For persons struggling to maintain weight, antidepressant medications often increase appetite, which can mitigate the effects of depression-related weight loss. These medications may also help regulate the moods of those who overeat. That said, talk therapy can also be effective for sad or depressed persons who overeat to comfort themselves or persons who have aversions to food. By learning new coping strategies and ways of viewing problems, people can learn to avoid unhealthy habits, such as binge eating or skipping meals.

Depression puts stress on your brain, which puts stress on various other parts of the body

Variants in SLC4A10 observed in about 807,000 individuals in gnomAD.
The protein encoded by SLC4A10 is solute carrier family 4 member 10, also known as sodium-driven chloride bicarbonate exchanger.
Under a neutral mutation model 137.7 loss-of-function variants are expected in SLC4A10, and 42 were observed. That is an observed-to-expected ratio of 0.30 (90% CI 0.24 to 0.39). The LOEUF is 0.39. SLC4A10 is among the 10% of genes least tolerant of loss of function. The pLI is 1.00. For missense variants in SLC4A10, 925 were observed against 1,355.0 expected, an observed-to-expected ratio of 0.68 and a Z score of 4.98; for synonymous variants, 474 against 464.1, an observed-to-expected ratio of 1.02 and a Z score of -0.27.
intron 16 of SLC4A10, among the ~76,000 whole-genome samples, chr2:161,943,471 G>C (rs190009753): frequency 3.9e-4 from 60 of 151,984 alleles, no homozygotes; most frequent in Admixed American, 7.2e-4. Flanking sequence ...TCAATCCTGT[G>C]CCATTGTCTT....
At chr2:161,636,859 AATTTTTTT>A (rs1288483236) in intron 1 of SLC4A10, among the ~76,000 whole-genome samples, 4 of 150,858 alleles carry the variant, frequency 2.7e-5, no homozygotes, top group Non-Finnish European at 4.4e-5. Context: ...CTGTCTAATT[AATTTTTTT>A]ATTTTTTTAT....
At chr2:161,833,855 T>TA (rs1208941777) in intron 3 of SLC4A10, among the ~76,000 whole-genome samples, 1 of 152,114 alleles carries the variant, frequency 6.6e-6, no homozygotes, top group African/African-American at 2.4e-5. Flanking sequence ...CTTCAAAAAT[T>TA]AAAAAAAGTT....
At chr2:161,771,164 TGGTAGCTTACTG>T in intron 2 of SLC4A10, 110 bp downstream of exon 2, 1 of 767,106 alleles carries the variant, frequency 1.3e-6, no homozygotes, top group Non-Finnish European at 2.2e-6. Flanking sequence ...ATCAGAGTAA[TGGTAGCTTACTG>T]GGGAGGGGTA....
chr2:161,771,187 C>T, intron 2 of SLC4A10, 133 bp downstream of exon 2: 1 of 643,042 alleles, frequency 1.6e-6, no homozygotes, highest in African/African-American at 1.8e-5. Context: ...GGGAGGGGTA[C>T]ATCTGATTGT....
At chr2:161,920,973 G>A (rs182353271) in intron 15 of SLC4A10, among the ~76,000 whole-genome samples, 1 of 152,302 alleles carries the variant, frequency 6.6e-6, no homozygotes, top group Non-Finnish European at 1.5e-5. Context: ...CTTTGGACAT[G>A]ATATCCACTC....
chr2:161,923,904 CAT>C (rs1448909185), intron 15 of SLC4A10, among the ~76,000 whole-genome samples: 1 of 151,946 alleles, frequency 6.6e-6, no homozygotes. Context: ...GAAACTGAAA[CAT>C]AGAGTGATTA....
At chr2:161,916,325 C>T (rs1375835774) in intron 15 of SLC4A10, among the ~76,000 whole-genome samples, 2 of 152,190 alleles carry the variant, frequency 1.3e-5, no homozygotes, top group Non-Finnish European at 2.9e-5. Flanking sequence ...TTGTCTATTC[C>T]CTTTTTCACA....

Depression puts stress on your brain, which puts stress on various other parts of the body

4. Unexplained Aches and Pains

Unaddressed sadness often causes numerous physical pains that have no other medical explanation. For instance, you might experience headaches, backaches, muscle tightness, or chest pains. ­These physical pains often stem from the biological origins of sadness, namely, the poor regulation of neurotransmitters in the brain. Because some of the neurotransmitters responsible for feelings of sadness are also connected to our ability to feel pain, when sadness stems from a chemical imbalance of the brain, aches and pains are a common side effect, explains Madhukar H. Trivedi, M.D. in “The Link Between Depression and Physical Symptoms,” published in The Primary Care Companion to the Journal of Clinical Psychiatry.

Talk to Your Doctor